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Athanasius the Great, Doctor of the Church, Father of Orthodoxy, and Defender of the Faith

Posted by Warm Southern Breeze on Thursday, May 2, 2013

Today marks the feast day celebrating the life of Athanasius – Saint, Doctor of the Church, Father of Orthodoxy, Defender of the Faith and “Father of The Canon” – who is highly respected not only within the Catholic Church, but in all of Christendom not just because he defended orthodox Christianity (then in its infancy) against what is described as the greatest greatest crisis of faith ever to befall the Church, the Arian Heresy, but because in the process, he was also the first to effectively elucidate the nature of the Trinity. “Athanasius contra mundum” – Latin, meaning “Athanasius against the world” – was the hallmark phrase noting his dedication to Apostolic tradition during the First Council of Nicaea.

When I converted, I took two patrons: First, Saint Athanasius the Great, and Second, John Henry Newman (now Blessed John Henry Newman).

{NOTE: The tradition of taking a saint’s name in baptism began in Germany and France during the Middle Ages. The custom spread throughout the church, with the exception of Ireland until after the Norman invasion in 1066 (11th century), were at first, it was considered an irreverence. However, a baptismal saint becomes a special and personal patron, protecting the person who bears his or her name. It was expected that the baptized eventually learn the story of their patron saints, model themselves after them, and seek their intercession for guidance and protection. Taking a particular saint as a patron and model of one’s own personal faith might seem somewhat out of character for modern believers, because the saints lived in different times. However, their lives continue to testify that a a baptized person can walk with the mystery of God and thrive in faith. Their lives tell how the Good News of the Gospel can be lived in a practical way. This doesn’t mean that people of today should copy saints in some external way, but rather, that the saints’ lives can be a stimulus and source of inspiration toward one’s personal efforts to follow the way of Jesus in our own time, situations and culture.}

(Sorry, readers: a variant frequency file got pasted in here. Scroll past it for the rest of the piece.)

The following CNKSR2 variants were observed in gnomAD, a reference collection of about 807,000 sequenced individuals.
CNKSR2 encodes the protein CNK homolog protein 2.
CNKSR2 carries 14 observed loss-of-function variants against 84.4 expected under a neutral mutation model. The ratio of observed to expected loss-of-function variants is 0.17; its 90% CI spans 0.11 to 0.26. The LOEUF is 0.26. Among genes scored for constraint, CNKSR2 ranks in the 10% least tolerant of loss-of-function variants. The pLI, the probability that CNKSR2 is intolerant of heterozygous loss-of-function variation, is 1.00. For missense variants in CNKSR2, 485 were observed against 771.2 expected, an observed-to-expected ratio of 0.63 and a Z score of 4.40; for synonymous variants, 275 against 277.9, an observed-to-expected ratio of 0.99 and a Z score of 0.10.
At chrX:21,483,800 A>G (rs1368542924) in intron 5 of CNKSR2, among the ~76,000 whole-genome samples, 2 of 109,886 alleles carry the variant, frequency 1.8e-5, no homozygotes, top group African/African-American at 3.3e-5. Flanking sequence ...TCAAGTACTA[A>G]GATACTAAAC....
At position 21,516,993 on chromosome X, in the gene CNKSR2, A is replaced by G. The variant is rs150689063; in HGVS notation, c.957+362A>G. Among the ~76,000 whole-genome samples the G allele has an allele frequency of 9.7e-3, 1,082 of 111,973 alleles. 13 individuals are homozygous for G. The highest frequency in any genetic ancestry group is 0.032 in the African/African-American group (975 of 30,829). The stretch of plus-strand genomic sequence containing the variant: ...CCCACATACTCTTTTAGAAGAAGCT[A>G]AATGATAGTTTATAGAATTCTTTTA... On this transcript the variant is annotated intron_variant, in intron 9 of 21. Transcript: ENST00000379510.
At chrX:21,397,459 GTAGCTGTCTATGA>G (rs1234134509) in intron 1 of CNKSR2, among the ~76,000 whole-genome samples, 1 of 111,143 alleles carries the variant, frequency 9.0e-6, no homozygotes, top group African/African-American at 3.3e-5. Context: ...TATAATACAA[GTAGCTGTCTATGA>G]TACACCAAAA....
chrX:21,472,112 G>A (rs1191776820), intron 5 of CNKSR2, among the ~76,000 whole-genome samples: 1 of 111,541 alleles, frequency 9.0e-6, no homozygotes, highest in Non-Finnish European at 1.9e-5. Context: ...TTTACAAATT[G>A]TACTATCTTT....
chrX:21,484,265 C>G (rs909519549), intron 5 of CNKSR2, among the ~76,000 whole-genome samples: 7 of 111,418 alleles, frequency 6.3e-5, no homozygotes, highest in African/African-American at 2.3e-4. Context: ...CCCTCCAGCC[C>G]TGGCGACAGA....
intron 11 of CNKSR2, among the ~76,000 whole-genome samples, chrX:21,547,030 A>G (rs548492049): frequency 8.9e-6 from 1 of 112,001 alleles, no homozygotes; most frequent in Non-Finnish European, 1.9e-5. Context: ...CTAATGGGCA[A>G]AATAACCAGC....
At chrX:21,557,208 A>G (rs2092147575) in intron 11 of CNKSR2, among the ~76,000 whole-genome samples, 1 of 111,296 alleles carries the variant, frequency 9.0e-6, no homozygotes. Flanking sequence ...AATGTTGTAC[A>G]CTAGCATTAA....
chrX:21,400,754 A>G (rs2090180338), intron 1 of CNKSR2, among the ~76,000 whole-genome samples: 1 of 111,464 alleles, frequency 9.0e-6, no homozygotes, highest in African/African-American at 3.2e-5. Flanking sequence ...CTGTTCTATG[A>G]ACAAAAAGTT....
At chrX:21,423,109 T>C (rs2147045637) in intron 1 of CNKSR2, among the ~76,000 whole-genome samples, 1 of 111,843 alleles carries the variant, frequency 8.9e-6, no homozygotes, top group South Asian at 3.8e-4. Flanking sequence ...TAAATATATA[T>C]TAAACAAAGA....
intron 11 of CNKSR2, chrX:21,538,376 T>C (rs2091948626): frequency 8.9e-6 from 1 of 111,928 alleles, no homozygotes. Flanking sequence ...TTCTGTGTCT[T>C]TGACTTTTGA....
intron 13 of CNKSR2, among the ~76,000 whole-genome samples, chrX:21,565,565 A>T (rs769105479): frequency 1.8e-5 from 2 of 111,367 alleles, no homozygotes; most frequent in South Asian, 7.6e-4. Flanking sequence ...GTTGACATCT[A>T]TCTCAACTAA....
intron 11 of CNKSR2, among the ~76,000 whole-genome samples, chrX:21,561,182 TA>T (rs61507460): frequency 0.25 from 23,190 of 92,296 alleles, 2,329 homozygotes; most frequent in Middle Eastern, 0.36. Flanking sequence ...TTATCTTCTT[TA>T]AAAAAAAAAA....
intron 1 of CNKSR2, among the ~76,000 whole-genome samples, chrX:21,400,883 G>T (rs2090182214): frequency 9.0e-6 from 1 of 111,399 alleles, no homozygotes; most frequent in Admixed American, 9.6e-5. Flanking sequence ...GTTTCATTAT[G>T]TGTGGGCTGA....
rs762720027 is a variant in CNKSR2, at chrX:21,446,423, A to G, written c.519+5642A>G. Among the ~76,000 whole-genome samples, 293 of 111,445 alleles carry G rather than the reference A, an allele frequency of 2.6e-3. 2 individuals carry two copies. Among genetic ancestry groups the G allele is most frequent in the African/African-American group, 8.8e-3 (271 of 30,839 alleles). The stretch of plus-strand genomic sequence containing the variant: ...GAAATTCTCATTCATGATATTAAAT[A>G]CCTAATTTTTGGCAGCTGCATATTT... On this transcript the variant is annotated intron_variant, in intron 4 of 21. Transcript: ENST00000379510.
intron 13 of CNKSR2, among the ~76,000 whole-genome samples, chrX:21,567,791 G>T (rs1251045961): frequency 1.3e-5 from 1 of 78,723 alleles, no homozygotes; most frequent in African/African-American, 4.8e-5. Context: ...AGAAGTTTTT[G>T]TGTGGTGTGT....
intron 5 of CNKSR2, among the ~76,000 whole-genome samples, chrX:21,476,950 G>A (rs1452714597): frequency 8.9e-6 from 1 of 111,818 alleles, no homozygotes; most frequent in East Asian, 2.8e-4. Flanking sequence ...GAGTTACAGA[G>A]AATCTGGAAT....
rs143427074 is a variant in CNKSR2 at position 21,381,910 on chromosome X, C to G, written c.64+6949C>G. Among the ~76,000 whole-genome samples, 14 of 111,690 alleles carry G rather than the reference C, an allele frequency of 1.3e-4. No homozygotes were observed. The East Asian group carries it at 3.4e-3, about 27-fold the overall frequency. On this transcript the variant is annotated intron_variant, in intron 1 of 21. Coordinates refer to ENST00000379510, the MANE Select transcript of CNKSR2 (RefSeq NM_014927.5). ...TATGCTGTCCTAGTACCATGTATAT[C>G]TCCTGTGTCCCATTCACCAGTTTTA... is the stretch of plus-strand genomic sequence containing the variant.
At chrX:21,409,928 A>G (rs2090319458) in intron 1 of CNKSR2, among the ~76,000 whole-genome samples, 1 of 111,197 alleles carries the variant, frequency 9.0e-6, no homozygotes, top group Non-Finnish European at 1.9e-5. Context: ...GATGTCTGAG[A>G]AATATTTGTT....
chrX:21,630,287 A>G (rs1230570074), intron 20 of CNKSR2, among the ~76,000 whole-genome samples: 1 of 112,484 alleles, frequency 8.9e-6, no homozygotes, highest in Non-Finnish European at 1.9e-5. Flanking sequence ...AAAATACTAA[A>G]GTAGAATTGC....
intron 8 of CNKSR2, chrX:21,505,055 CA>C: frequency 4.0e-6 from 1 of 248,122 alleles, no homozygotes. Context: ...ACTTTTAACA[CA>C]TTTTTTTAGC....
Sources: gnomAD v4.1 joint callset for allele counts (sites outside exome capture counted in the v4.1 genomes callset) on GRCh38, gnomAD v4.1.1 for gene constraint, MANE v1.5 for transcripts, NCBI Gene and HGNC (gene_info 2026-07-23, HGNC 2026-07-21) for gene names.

Simply put, Arianism taught that Jesus was created “a son of God” and therefore was not fully divine, but only partially. And as it seems today, increasingly, Arianism had become more a political ideology, rather than a religious movement. At the time, Theology was a topic which most deeply engaged men’s thoughts, and the Arian controversy interested all classes of people. Indeed, the heretical propositions of Arianism made rapid inroads into popular thinking because they were publicized in the form of songs set to popular tunes, were chanted in forums, and carried by sailors from port to port.

Complicating matters was that simultaneously, Plato’s philosophy of hierarchy known as “First Cause” commingled with Christian theology and in part gave rise to what later became known Arianism, so named for it’s most renown promoter Arius, a priest of the church of Baucalis in Alexandria, Egypt, where Athanasius, who was then a bishop in the Church, was born, and resided. Athanasius had received secular, philosophical, and theological education & training at Alexandria, specifically his theological learning was in the renown Catechetical School of Alexandria, where he was taught by those who later became Martyrs of the last great pagan Roman persecution of the Church.

Arius began to teach that Jesus, though more than man, was not eternal God, that he was created in time by the Eternal Father, and could therefore be described only figuratively as the Son of God. The Cappadocians vehemently argued against Arianism for its inequality among the divine Persons.

Athanasius, as Archbishop of Alexandria, in his Epistle in Defence of the Nicene Definition, wrote “”of the substance” and “one in substance,” and that “the Son of God is neither creature or work, nor in the number of things generated, but that the Word is an offspring from the substance of the Father.””